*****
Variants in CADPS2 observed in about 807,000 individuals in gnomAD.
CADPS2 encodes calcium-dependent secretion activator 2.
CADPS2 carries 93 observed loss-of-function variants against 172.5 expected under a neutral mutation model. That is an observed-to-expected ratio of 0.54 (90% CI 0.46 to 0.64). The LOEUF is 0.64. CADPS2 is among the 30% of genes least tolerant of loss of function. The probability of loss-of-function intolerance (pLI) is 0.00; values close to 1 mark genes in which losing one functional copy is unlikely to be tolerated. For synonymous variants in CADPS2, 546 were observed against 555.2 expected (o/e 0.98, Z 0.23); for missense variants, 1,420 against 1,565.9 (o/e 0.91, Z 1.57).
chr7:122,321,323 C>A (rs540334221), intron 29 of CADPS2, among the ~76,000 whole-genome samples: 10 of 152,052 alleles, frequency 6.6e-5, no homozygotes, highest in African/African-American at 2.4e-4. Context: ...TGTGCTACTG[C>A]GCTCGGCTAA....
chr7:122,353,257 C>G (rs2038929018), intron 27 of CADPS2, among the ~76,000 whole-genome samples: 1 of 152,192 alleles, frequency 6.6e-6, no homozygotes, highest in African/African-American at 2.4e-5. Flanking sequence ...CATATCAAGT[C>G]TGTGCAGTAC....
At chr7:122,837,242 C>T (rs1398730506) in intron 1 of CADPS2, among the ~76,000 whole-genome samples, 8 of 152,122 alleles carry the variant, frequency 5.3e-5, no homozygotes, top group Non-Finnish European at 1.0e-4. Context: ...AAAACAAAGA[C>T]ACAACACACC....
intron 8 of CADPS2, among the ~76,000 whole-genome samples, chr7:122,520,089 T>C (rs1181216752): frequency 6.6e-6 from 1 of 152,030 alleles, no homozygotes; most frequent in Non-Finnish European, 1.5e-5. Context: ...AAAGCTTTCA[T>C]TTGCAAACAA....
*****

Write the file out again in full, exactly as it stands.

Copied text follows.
Variants in CADPS2 observed in about 807,000 individuals in gnomAD.
CADPS2 encodes calcium-dependent secretion activator 2.
CADPS2 carries 93 observed loss-of-function variants against 172.5 expected under a neutral mutation model. That is an observed-to-expected ratio of 0.54 (90% CI 0.46 to 0.64). The LOEUF is 0.64. CADPS2 is among the 30% of genes least tolerant of loss of function. The probability of loss-of-function intolerance (pLI) is 0.00; values close to 1 mark genes in which losing one functional copy is unlikely to be tolerated. For synonymous variants in CADPS2, 546 were observed against 555.2 expected (o/e 0.98, Z 0.23); for missense variants, 1,420 against 1,565.9 (o/e 0.91, Z 1.57).
chr7:122,321,323 C>A (rs540334221), intron 29 of CADPS2, among the ~76,000 whole-genome samples: 10 of 152,052 alleles, frequency 6.6e-5, no homozygotes, highest in African/African-American at 2.4e-4. Context: ...TGTGCTACTG[C>A]GCTCGGCTAA....
chr7:122,353,257 C>G (rs2038929018), intron 27 of CADPS2, among the ~76,000 whole-genome samples: 1 of 152,192 alleles, frequency 6.6e-6, no homozygotes, highest in African/African-American at 2.4e-5. Flanking sequence ...CATATCAAGT[C>G]TGTGCAGTAC....
At chr7:122,837,242 C>T (rs1398730506) in intron 1 of CADPS2, among the ~76,000 whole-genome samples, 8 of 152,122 alleles carry the variant, frequency 5.3e-5, no homozygotes, top group Non-Finnish European at 1.0e-4. Context: ...AAAACAAAGA[C>T]ACAACACACC....
intron 8 of CADPS2, among the ~76,000 whole-genome samples, chr7:122,520,089 T>C (rs1181216752): frequency 6.6e-6 from 1 of 152,030 alleles, no homozygotes; most frequent in Non-Finnish European, 1.5e-5. Context: ...AAAGCTTTCA[T>C]TTGCAAACAA....